By BENJAMIN WEISERFEB. 4, 2015
A California man behind the website Silk Road, once a thriving online black market for the sale of heroin, cocaine, LSD and other drugs and illicit goods, was convicted on Wednesday of all seven counts related to the enterprise.
The verdict against the defendant, Ross W. Ulbricht, was delivered swiftly: Jurors began deliberating in the morning, and reported that they had reached a consensus about 3 1/2 hours later.
Prosecutors had portrayed Mr. Ulbricht, 30, as a “digital kingpin” who ran the website on a hidden part of the Internet, where deals could be made anonymously and without the scrutiny of law enforcement.
Evidence showed that Silk Road generated revenues of more than $213 million from January 2011 to October 2013, when Mr. Ulbricht was arrested by the Federal Bureau of Investigation in a library in San Francisco while he was logged on to his laptop as Dread Pirate Roberts, the pseudonym under which prosecutors said he operated the website. Deals were conducted in Bitcoins, and Mr. Ulbricht took millions of dollars in commissions, the government said.
The trial in Federal District Court in Manhattan was novel because of its technological intrigue and the way it delved into Internet culture; one debate erupted over whether smiley faces and other emoji in digital messages should be read aloud to the jury, or only shown to them. But the case also highlighted the Internet’s impact on a classic street crime, moving it to a safer and more anonymous venue and broadly expanding markets.
“That’s the legacy of Silk Road,” Serrin Turner, a federal prosecutor, said in a closing argument this week. “It lowered the barriers to drug dealing by enabling drug dealers to reach customers online they could have never met on the street.”
Prosecutors also introduced evidence that Mr. Ulbricht had paid hundreds of thousands of dollars in Bitcoins to commission the murders of several people whom he saw as threats to his business. (The government has said there was no evidence anyone was ever harmed.)
The four most serious convictions, including distributing narcotics on the Internet and engaging in a continuing criminal enterprise, carry potential life sentences. The criminal enterprise count also carries a minimum sentence of 20 years. Judge Katherine B. Forrest will sentence Mr. Ulbricht on May 15.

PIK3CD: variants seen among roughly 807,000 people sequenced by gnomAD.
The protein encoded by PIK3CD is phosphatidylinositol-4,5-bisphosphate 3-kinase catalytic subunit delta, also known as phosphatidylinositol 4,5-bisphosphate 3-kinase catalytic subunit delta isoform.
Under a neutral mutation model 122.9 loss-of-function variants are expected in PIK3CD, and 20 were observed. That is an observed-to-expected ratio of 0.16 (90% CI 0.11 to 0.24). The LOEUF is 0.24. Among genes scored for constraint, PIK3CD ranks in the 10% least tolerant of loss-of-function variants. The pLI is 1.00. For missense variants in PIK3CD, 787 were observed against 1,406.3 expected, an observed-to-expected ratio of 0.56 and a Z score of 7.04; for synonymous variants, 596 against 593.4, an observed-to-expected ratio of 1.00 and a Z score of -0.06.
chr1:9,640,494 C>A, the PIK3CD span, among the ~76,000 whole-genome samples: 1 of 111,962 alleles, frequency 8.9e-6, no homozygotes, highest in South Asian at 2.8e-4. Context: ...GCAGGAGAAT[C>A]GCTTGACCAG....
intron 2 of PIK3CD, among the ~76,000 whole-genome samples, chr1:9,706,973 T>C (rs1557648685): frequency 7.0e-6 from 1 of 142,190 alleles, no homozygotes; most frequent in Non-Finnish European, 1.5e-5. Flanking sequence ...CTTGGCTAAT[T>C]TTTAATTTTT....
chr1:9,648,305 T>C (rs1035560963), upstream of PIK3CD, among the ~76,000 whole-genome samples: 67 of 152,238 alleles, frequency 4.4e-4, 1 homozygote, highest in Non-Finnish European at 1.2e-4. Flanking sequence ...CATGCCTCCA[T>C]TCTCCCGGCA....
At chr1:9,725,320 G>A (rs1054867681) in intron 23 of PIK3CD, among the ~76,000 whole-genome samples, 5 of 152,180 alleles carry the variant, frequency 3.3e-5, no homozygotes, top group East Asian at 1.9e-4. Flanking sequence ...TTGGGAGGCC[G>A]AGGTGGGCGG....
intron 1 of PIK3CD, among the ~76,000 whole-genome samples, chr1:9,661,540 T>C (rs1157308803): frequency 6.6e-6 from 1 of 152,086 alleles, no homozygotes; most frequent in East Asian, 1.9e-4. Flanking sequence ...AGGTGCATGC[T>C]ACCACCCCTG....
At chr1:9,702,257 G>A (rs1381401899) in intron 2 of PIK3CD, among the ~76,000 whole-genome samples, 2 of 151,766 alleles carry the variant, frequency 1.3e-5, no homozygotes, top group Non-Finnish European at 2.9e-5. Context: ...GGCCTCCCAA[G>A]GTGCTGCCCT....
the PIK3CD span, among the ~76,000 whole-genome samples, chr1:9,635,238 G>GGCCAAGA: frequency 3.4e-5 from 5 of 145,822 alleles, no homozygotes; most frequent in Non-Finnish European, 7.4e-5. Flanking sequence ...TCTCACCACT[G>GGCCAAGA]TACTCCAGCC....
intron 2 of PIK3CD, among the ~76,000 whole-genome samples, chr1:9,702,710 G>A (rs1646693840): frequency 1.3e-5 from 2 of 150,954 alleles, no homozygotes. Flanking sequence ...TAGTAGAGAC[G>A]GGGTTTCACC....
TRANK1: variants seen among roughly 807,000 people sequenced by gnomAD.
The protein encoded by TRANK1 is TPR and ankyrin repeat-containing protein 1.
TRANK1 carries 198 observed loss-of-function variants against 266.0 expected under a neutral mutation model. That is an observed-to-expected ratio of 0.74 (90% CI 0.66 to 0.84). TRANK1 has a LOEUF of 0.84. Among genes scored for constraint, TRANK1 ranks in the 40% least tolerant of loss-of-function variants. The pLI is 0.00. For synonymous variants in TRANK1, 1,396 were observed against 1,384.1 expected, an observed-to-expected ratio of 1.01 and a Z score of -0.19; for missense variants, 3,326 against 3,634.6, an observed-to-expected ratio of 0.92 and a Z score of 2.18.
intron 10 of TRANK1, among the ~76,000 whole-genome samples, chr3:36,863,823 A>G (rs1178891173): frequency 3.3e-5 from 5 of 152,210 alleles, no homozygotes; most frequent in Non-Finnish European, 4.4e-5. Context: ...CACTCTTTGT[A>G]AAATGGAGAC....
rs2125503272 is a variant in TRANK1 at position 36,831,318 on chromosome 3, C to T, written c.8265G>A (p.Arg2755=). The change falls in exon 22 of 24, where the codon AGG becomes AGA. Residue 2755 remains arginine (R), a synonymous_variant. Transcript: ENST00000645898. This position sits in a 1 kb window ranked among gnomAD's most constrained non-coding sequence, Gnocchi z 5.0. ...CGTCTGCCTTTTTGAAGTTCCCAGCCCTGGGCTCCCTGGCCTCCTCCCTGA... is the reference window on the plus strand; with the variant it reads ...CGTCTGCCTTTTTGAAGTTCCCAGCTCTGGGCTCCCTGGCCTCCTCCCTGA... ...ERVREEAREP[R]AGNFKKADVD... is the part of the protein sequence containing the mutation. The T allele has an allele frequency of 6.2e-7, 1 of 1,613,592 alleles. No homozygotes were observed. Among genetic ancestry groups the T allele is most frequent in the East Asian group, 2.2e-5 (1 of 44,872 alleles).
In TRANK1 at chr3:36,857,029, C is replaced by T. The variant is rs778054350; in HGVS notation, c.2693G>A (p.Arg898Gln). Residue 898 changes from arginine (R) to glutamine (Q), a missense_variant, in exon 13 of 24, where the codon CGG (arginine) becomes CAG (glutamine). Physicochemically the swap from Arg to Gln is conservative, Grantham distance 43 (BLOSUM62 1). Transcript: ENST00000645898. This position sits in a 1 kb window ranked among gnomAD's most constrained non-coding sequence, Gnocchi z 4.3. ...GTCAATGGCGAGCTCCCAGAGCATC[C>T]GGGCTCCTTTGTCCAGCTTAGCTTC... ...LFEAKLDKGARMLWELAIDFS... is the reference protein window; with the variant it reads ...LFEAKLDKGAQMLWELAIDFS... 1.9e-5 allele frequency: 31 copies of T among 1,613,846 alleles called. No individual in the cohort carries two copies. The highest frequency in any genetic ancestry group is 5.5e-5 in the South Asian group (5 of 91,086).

Preet Bharara, the United States attorney for the Southern District of New York, said Mr. Ulbricht’s arrest and verdict “should send a clear message to anyone else attempting to operate an online criminal enterprise.”
“The supposed anonymity of the dark web is not a protective shield from arrest and prosecution,” Mr. Bharara said.
Mr. Ulbricht stood silently as the verdict was delivered, and afterward, looked back at his parents and other supporters, offering what appeared to be words of reassurance.
Later, outside the courthouse, Mr. Ulbricht’s father, Kirk, said he was outraged by the verdict and the trial.
“We’re very upset,” his wife, Lyn Ulbricht, said. “We love our son. We don’t think he belongs in prison.”
Joshua L. Dratel, the lead defense lawyer, said there would be an appeal, and asserted that there were “significant errors during the course of the trial,” including the judge’s precluding of some witnesses and evidence.
Early in the trial, Mr. Dratel argued that his client was not the mysterious Dread Pirate Roberts, a character drawn from the book and movie “The Princess Bride,” and he suggested that Mr. Ulbricht had been framed.
Mr. Dratel conceded that Silk Road was Mr. Ulbricht’s idea, but he said Mr. Ulbricht had handed the operation off to others after only a few months before being lured back as a “fall guy.”
But the prosecutors, Mr. Turner and Timothy T. Howard, undermined that position with what Mr. Howard called “the mountain of evidence” showing Mr. Ulbricht had run Silk Road.
“It was his baby, and he stayed with it enthusiastically for nearly three years,” Mr. Turner told the jury.
The government introduced journal entries found on Mr. Ulbricht’s laptop, including one in which he described how he had created Silk Road.
A college friend, Richard Bates, also testified that he had once insisted on knowing what Mr. Ulbricht was working on, after Mr. Ulbricht repeatedly asked him for programming assistance.
“Did the defendant share a secret with you?” a prosecutor asked.
“Yes, he did,” Mr. Bates said, adding, “He shared with me that he created and ran the Silk Road website.”